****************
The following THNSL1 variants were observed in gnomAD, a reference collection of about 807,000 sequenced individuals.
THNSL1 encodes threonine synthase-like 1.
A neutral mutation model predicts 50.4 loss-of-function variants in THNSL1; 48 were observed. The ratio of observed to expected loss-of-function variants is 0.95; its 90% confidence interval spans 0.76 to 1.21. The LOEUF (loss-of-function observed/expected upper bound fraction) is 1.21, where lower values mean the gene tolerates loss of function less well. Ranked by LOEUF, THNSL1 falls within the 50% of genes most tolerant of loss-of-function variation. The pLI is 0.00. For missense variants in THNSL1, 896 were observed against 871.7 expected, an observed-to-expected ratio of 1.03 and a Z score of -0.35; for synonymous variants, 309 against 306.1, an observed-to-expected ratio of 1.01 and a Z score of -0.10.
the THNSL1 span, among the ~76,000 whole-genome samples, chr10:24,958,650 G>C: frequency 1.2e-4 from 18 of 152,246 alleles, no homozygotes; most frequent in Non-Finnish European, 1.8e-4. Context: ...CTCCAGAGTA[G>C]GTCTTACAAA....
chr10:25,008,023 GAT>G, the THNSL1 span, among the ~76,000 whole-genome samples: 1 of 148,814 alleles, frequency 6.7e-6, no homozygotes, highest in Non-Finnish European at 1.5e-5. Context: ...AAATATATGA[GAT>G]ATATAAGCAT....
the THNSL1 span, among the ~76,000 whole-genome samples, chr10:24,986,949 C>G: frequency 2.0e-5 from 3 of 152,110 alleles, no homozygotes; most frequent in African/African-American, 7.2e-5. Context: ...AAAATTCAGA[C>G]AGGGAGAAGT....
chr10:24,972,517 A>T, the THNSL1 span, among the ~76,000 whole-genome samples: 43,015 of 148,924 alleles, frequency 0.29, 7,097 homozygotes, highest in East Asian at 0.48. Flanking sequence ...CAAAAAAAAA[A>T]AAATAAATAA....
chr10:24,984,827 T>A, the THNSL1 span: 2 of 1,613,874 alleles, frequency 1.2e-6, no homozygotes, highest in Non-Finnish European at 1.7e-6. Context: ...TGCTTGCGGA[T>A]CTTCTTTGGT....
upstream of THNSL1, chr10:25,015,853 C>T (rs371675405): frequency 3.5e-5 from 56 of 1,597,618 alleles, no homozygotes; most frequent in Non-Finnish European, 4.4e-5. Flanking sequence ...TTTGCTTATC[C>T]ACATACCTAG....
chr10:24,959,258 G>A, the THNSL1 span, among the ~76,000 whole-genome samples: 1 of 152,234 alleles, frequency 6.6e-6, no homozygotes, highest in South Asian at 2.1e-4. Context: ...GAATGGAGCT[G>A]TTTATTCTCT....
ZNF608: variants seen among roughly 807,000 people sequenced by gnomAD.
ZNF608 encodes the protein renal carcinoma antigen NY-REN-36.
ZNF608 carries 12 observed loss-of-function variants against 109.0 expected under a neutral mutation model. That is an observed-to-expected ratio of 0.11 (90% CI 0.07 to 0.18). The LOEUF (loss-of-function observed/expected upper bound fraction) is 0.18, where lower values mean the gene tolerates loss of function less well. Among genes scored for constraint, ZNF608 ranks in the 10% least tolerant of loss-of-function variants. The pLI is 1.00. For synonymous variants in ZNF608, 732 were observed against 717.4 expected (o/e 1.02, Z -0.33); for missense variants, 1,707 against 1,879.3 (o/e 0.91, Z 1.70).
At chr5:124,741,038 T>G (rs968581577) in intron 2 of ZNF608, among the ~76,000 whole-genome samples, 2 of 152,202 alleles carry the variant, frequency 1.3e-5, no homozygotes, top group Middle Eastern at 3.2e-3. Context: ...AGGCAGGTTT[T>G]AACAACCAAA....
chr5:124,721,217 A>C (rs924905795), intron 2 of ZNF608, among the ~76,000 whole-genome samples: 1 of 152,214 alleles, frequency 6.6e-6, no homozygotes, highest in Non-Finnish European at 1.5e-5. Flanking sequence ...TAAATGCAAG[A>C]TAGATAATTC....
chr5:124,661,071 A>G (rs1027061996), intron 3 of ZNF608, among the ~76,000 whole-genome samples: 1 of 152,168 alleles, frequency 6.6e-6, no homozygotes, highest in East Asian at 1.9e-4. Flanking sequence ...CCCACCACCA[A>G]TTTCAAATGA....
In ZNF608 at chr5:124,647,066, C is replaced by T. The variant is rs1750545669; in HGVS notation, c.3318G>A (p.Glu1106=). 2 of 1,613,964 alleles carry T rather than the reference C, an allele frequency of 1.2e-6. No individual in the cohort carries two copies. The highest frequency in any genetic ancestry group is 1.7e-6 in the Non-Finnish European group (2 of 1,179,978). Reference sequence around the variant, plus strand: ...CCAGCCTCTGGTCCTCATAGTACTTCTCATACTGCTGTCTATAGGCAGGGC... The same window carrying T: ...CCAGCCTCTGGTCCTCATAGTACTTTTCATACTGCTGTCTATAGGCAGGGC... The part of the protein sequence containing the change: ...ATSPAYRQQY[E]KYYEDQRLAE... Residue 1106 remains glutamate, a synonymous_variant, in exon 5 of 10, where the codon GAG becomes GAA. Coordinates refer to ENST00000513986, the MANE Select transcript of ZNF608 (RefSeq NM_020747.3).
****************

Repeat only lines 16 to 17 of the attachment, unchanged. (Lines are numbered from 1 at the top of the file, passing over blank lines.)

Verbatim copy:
chr5:124,661,071 A>G (rs1027061996), intron 3 of ZNF608, among the ~76,000 whole-genome samples: 1 of 152,168 alleles, frequency 6.6e-6, no homozygotes, highest in East Asian at 1.9e-4. Flanking sequence ...CCCACCACCA[A>G]TTTCAAATGA....
In ZNF608 at chr5:124,647,066, C is replaced by T. The variant is rs1750545669; in HGVS notation, c.3318G>A (p.Glu1106=). 2 of 1,613,964 alleles carry T rather than the reference C, an allele frequency of 1.2e-6. No individual in the cohort carries two copies. The highest frequency in any genetic ancestry group is 1.7e-6 in the Non-Finnish European group (2 of 1,179,978). Reference sequence around the variant, plus strand: ...CCAGCCTCTGGTCCTCATAGTACTTCTCATACTGCTGTCTATAGGCAGGGC... The same window carrying T: ...CCAGCCTCTGGTCCTCATAGTACTTTTCATACTGCTGTCTATAGGCAGGGC... The part of the protein sequence containing the change: ...ATSPAYRQQY[E]KYYEDQRLAE... Residue 1106 remains glutamate, a synonymous_variant, in exon 5 of 10, where the codon GAG becomes GAA. Coordinates refer to ENST00000513986, the MANE Select transcript of ZNF608 (RefSeq NM_020747.3).